394x
001871
2024-01-17

Interpolation Methods for Experimentally Measured Pressures in RWIND 2

RWIND 2 and RFEM 6 can now be used to calculate wind loads from experimentally measured wind pressures on surfaces. Basically, two interpolation methods are available to distribute pressures measured in isolated points across the surfaces. The desired pressure distribution can be achieved using the appropriate method and parameter settings.

Introduction

When a complicated structure is designed and experimental data of wind-induced pressures on surfaces are available, it is possible to apply them in static analysis using RFEM 6 and RWIND 2.

First, data from pressure probes must be defined on the model in their locations. This is possible either in RFEM 6 (see knowledge base article 1870) or directly in the RWIND stand-alone program (as verification data).

The definition gives the program discrete information about the pressures. However, the pressure values must somehow be distributed on the structure surfaces in order to enable wind load calculation and static analysis. This is performed by RWIND 2. The CFD calculation runs in the background in order to create an appropriate mesh and to enable the verification of experimental data (however, when only static analysis from the measured data is performed, the CFD calculation results are not important, and a convergence is not needed).

Note that the interpolation is not based on real physical phenomena and its credibility strongly depends on the number (or density) of pressure probes. However, even from a limited number of pressure probes, a pressure distribution can be suggested and its quality depends on the engineering knowledge of the user. Remember that these interpolation methods are just a tool to distribute pressure on the surface, without respect to physical phenomena.

Workflow in RWIND 2

First, define the point probes on your model. In RWIND 2, you can define several points in one point probe. This is suitable when all points have the same properties (zone constraint, etc.). The probes on original model are suitable for the experimental data. Check the "Verification Data" option and define the measured pressures in the "ver_p" column (Image 01).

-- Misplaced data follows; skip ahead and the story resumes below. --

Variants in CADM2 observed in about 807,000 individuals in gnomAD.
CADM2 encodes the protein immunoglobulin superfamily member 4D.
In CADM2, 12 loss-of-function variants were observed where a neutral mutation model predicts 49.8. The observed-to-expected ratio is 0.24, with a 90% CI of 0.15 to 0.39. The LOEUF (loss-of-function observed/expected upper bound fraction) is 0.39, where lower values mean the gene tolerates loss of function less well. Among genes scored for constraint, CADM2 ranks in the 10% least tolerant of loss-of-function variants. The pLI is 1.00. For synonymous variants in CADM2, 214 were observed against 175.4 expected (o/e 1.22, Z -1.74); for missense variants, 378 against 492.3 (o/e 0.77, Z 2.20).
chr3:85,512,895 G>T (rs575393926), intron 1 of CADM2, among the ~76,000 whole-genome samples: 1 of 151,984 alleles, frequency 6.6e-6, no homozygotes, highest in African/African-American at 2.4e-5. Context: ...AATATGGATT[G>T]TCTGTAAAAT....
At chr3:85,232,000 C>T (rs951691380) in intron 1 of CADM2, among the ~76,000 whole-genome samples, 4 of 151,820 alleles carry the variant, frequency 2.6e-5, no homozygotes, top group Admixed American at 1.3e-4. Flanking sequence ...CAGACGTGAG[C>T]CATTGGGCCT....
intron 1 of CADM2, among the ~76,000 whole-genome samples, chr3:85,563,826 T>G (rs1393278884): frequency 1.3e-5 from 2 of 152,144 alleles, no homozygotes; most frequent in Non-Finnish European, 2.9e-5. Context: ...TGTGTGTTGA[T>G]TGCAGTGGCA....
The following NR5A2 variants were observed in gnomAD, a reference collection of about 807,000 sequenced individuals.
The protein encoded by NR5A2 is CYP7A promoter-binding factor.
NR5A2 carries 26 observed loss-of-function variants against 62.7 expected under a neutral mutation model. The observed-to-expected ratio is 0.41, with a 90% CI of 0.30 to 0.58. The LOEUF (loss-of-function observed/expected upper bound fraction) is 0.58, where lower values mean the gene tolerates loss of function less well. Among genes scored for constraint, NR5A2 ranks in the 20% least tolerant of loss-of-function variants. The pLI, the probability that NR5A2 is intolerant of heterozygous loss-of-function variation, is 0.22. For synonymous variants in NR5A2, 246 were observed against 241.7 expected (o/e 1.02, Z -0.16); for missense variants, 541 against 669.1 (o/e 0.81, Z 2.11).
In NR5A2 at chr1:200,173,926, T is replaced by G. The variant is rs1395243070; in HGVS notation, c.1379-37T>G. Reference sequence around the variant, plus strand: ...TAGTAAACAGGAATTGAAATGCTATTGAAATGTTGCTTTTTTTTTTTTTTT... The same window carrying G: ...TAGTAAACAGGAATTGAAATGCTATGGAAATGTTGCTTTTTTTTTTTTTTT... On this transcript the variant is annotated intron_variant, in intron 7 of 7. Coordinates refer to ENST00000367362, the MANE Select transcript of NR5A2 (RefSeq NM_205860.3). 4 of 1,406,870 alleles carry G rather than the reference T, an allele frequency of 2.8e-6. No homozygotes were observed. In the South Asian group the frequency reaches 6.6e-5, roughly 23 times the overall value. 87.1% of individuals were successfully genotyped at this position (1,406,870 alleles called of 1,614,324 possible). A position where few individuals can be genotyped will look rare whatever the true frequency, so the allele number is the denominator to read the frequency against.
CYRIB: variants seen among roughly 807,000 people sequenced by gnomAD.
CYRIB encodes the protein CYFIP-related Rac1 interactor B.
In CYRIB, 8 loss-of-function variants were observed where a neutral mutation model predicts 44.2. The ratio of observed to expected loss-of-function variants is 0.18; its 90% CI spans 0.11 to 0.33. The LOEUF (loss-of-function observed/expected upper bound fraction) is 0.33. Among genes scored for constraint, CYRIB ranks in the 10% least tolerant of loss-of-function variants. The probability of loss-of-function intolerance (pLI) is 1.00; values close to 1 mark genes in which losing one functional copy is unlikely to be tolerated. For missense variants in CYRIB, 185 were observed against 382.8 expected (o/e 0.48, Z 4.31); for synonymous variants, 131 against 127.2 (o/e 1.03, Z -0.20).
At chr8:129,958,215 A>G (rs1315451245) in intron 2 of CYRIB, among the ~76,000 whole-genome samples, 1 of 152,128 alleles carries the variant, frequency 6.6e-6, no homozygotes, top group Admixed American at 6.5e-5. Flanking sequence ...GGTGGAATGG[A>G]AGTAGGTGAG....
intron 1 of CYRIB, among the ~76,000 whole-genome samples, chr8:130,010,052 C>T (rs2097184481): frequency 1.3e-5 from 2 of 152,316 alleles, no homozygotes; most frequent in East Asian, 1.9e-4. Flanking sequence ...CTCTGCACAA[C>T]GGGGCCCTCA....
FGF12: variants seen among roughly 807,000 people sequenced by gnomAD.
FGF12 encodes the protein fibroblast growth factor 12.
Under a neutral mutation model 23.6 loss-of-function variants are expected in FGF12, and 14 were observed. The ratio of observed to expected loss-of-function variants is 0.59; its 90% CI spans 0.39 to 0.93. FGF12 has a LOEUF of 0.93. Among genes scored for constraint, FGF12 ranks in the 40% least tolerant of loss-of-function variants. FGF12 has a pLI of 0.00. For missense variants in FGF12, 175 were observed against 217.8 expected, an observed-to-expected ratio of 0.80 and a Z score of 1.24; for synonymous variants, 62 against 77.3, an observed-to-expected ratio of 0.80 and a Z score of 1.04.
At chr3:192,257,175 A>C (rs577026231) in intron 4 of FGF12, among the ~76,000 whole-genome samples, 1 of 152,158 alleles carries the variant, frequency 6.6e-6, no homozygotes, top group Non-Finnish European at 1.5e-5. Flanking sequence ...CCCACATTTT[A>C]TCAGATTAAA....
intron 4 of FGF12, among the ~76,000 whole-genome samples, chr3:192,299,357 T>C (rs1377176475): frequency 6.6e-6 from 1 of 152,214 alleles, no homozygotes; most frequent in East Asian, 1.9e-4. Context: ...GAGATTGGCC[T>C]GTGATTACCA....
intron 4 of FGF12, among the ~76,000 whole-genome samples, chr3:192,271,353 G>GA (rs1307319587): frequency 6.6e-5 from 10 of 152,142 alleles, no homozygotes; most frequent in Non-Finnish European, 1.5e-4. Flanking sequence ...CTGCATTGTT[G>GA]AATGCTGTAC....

Zone constraint

Wind-induced pressure is significantly dependent on wind direction. It is obvious that this pressure differs strongly according to surface orientation to the wind. It is, therefore, useful to constrain the pressure interpolation on a specific surface. In RWIND, each probe can be constrained to one or more specific zones (Image 02).

The zones must be defined before the calculation. Several zones can be created on one surface, e.g. in a way similar to the standard suggestions for simple structures (Image 03) or according to a preliminary CFD calculation.

Interpolation methods

Two interpolation methods are available in RWIND: diffusion interpolation and Gaussian interpolation kernel. Only one method must be selected for all probes.

The diffusion method distributes the data from the "source" point over the surface. It is suitable for dense mesh of measuring points (Image 04). In the case of thin open structures, this method interpolates values only on one side of the plate. The method is dependent on the mesh density.

On the other hand, the Gaussian interpolation kernel interpolates the values around the "source" in 3D. Therefore, it is not suitable for thin open structures, because it influences both sides of the surface. For closed structures (buildings, etc.), this method works well (Image 05).

The Gaussian method parameters control the resulting distribution.
The radius sets how far the "source" influences the surrounding area. If the radius is greater than the constraint zone, a nearly constant distribution can be created from one probe (Image 06). On the other hand, when the radius is greater than the distance between the probes and a low sharpness factor is used, the resulting value in the relevant probe is influenced by the neighboring probe.

The sharpness factor controls the steepness of the transition between probes. Higher factors create sharper borders (Image 07).

Conclusion

The interpolation of experimental data enables the application of measured wind-induced pressures in static analysis. The experimental values can be defined either in RFEM 6 or directly in RWIND 2. The interpolation methods are not based on a physical principle, while CFD is. They are only tools to interpolate the measured values. The more measured values you define, the better accordance with the reality you can reach.


Author

Ms. Karoušová is responsible for the development of RWIND.

Links